Her first bullet point during the apologetic IG Live session was about self-hatred after a video surfaced online where the naturally curly-haired singer complained about maintaining her locks. "It's frustrating for me. It's very hard for me," she confessed. "A lot of my friends would agree who have hair like mine that they have a hard time taking care of it. What I think that the mistake may have been that I made was saying it on a social platform, saying it in public.... In no f---ing way does it mean that I hate my hair. My hair is amazing. I have beautiful hair."
The twofold debate parted Twitter viewers in different groups, with some blaming black women in general for not "appreciating their natural hair" to others showing sympathy for the artist for not being more in touch with her African roots after Doja told Whoopi Goldberg earlier this month that she had never met her father.
Another hot button topic she discussed was her 2015 track "Dindu Nuffin," a racial slur that distorts the phrase "didn't do nothing" used to ridicule unarmed Black people who fall victim to police brutality. Twitter users claimed her song specifically mocked the death of Sandra Bland, a Black woman who died in police custody that same year after being arrested during a traffic stop, which Doja denied had any connection to her. Much like the way Black people reclaimed the age-old n-word either colloquially or musically, the 24-year-old singer wanted to repurpose the racial epithet in her track after having the term hurled at her in the chat rooms.
"As for the old song that's resurfaced, it was in no way tied to anything outside of my own personal experience. It was written in response to people who often used that term to hurt me," Doja wrote on her Instagram. "I made an attempt to flip its meaning, but recognize that it was a bad decision to use the term in my music."
During her half-hour non-scripted mea culpa, Doja continued explaining how these chat rooms bred such a hurtful environment for her that she recorded "Dindu Nuffin" as a "f--- you" statement.
"I'm very sorry to anybody who's taken offense, to anybody who I've hurt using this term. When I used it, it was because I was in chat rooms all the time, and I was kind of locked away," she revealed. "I was always on there just dealing with people coming at me left and right talking about different slanderous terms after another. The term that I used in the song is one that I learned that day. People were calling me it left and right, left and right and I used it in a song. It was to kind of take back and f---ing just say 'f--- you to those people.' The song, however, I agree, may be the worst song in the entire world."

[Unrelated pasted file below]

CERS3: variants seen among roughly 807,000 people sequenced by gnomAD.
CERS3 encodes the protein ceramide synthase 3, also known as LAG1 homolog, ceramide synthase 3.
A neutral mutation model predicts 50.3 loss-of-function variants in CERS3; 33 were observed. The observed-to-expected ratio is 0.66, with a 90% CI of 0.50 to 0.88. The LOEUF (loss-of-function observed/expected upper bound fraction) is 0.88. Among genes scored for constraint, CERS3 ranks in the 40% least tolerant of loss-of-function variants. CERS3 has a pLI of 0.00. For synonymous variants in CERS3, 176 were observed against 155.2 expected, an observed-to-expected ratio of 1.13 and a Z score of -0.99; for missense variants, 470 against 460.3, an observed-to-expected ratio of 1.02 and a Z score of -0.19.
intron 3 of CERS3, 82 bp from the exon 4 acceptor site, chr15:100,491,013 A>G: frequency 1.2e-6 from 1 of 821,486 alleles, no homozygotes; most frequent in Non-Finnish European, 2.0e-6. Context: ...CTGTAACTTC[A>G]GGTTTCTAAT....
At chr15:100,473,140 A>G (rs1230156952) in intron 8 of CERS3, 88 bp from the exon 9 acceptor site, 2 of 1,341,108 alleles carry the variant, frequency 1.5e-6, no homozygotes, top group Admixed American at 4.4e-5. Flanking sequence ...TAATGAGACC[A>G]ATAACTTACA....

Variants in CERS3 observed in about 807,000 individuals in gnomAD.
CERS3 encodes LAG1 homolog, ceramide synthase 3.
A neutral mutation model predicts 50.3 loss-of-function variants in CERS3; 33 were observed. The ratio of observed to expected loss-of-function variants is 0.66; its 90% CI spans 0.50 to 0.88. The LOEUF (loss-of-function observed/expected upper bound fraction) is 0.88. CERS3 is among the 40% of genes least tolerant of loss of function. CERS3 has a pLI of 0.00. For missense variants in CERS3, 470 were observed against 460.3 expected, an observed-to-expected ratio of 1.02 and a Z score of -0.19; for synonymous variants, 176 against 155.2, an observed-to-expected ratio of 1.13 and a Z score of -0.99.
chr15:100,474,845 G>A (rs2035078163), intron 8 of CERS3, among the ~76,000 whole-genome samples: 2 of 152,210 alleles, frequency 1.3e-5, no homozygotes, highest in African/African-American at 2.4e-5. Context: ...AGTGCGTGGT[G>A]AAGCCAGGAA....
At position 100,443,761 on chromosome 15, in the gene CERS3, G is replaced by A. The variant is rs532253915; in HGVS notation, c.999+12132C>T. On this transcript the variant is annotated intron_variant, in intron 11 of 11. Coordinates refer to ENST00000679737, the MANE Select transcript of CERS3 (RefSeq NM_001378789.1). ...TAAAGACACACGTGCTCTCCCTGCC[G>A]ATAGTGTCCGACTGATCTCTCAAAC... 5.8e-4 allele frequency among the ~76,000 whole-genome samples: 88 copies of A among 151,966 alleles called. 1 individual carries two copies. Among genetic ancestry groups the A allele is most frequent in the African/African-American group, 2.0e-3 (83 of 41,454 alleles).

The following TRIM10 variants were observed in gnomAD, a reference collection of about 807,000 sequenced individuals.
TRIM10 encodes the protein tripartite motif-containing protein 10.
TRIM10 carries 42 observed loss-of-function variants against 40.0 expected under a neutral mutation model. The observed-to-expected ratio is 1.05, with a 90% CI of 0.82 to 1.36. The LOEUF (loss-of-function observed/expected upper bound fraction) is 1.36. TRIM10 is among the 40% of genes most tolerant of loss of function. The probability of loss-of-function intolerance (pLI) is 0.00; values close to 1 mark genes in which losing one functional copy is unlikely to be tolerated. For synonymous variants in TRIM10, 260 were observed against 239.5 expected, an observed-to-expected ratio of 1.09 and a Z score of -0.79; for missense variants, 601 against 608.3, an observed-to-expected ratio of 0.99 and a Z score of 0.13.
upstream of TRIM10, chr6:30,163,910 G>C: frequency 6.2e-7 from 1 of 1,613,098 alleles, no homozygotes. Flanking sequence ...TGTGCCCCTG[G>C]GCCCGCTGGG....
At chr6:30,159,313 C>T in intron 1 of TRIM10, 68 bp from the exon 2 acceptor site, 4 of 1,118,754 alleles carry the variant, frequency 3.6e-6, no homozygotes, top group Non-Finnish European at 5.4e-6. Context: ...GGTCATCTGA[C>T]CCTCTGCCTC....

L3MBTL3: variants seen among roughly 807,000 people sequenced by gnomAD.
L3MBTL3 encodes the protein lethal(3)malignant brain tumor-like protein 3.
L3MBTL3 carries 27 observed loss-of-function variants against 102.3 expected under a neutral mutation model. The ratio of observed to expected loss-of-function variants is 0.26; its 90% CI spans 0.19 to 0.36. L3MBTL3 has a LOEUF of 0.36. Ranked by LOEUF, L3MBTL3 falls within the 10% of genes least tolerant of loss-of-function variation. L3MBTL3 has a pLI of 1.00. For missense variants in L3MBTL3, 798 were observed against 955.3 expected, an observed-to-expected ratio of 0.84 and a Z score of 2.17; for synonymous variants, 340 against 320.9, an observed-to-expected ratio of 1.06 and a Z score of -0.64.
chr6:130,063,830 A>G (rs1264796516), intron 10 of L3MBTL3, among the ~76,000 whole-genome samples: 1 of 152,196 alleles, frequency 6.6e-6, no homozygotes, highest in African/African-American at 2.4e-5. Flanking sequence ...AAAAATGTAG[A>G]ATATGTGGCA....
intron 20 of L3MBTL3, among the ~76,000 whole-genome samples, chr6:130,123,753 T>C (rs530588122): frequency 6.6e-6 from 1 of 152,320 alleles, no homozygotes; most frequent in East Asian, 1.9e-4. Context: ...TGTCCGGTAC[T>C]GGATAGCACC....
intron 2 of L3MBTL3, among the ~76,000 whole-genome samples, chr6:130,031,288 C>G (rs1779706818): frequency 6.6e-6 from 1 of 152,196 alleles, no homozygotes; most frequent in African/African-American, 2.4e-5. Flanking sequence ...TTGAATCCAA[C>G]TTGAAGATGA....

The term couldn't have come back in a worse time during America's history after George Floyd, an unarmed Black man from Minnesota died Monday (May 26) shortly after a police officer pressed his knee onto Floyd's neck when three other officers suspected him of forgery. Whether fans were able to hear her out on her decision or completely nullify it, Doja conveniently claimed that "to see my song that I made connected to an innocent Black woman's death is one of the most awful rumors that I have ever encountered."
But Doja's online history, especially in these previously free chat rooms, didn't just include what was said to her, but what she supposedly asked another member to do to her. Twitter users scraped up old footage of Doja hanging out on the video-chatting website Tinychat and asking a white man to call her the hard n-word as a form of raceplay, which is a type of sexual roleplay where one person insults the other with derogatory slurs as a form of domination. She admitted in the IG Live video that she's "kinky as f---" yet denied she made this request or ever participated in raceplay in what Twitter users claimed to be exclusively white supremacist chat rooms, which she also denied.
One Twitter user described the kink as potentially stemming "from internalized racism" and as a common phenomenon in pornography. The commentary seems to fit Doja's character as a self-proclaimed e-girl, which has taken on the derogatory meaning of girls who spend a lot of time online in search of sex while sporting eclectic aesthetics, ranging from rainbow-colored hairstyles to winged eyeliner. The "Boss Bi---" artist even created a Vogue guide to e-beauty last December.
But hot pink wigs or fetishes don't summarize Doja's sexuality. She also debunked the rumor that she only dates white men, saying race, religion and other factors don't factor into whom she loves. However, those still hanging out at the #DojaCatIsOverParty haven't been loving her hits lately because of the confusing slew of clips that came back online and the live video she started to disprove them.
One fan wrote, "i'm still listening to doja cat. i just aint condoning her self hatred," but others cannot separate the artist from the person like that, a common phenomenon for controversial musicians. With online virality being forever etched into her career (her self-produced 2018 "Moo" YouTube music video paved the path for her success before "Say So" gained early attention from TikTok), whatever Doja has said or done on the Internet gets carved in stone right next to her musical milestones.